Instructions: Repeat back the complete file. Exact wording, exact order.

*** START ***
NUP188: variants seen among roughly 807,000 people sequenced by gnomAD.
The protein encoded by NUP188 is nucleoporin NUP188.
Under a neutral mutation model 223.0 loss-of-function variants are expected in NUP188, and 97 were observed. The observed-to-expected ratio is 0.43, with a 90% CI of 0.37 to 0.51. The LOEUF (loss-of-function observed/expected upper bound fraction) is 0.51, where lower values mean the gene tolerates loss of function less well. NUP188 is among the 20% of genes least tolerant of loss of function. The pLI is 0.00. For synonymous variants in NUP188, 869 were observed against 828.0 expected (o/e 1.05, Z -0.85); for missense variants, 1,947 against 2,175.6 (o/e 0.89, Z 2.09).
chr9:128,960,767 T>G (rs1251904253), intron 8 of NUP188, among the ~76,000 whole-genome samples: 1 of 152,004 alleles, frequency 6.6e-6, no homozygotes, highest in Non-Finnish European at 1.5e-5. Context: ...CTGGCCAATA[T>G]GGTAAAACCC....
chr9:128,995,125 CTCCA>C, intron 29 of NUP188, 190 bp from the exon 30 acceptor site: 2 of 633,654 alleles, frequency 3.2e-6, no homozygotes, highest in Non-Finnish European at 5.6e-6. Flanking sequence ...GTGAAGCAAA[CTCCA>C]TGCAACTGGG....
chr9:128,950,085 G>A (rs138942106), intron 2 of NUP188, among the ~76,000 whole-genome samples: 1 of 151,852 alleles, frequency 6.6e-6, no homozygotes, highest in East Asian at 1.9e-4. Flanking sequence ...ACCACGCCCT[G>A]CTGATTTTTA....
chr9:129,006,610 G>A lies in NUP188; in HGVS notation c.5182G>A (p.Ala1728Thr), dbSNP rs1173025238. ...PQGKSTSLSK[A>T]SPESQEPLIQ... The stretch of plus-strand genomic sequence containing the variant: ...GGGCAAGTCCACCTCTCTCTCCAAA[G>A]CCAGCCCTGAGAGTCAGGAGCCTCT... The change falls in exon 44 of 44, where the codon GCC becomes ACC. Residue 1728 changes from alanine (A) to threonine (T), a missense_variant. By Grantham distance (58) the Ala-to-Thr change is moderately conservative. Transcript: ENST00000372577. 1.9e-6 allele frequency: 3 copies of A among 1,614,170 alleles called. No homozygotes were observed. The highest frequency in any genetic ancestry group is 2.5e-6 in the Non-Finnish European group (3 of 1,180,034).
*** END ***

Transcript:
NUP188: variants seen among roughly 807,000 people sequenced by gnomAD.
The protein encoded by NUP188 is nucleoporin NUP188.
Under a neutral mutation model 223.0 loss-of-function variants are expected in NUP188, and 97 were observed. The observed-to-expected ratio is 0.43, with a 90% CI of 0.37 to 0.51. The LOEUF (loss-of-function observed/expected upper bound fraction) is 0.51, where lower values mean the gene tolerates loss of function less well. NUP188 is among the 20% of genes least tolerant of loss of function. The pLI is 0.00. For synonymous variants in NUP188, 869 were observed against 828.0 expected (o/e 1.05, Z -0.85); for missense variants, 1,947 against 2,175.6 (o/e 0.89, Z 2.09).
chr9:128,960,767 T>G (rs1251904253), intron 8 of NUP188, among the ~76,000 whole-genome samples: 1 of 152,004 alleles, frequency 6.6e-6, no homozygotes, highest in Non-Finnish European at 1.5e-5. Context: ...CTGGCCAATA[T>G]GGTAAAACCC....
chr9:128,995,125 CTCCA>C, intron 29 of NUP188, 190 bp from the exon 30 acceptor site: 2 of 633,654 alleles, frequency 3.2e-6, no homozygotes, highest in Non-Finnish European at 5.6e-6. Flanking sequence ...GTGAAGCAAA[CTCCA>C]TGCAACTGGG....
chr9:128,950,085 G>A (rs138942106), intron 2 of NUP188, among the ~76,000 whole-genome samples: 1 of 151,852 alleles, frequency 6.6e-6, no homozygotes, highest in East Asian at 1.9e-4. Flanking sequence ...ACCACGCCCT[G>A]CTGATTTTTA....
chr9:129,006,610 G>A lies in NUP188; in HGVS notation c.5182G>A (p.Ala1728Thr), dbSNP rs1173025238. ...PQGKSTSLSK[A>T]SPESQEPLIQ... The stretch of plus-strand genomic sequence containing the variant: ...GGGCAAGTCCACCTCTCTCTCCAAA[G>A]CCAGCCCTGAGAGTCAGGAGCCTCT... The change falls in exon 44 of 44, where the codon GCC becomes ACC. Residue 1728 changes from alanine (A) to threonine (T), a missense_variant. By Grantham distance (58) the Ala-to-Thr change is moderately conservative. Transcript: ENST00000372577. 1.9e-6 allele frequency: 3 copies of A among 1,614,170 alleles called. No homozygotes were observed. The highest frequency in any genetic ancestry group is 2.5e-6 in the Non-Finnish European group (3 of 1,180,034).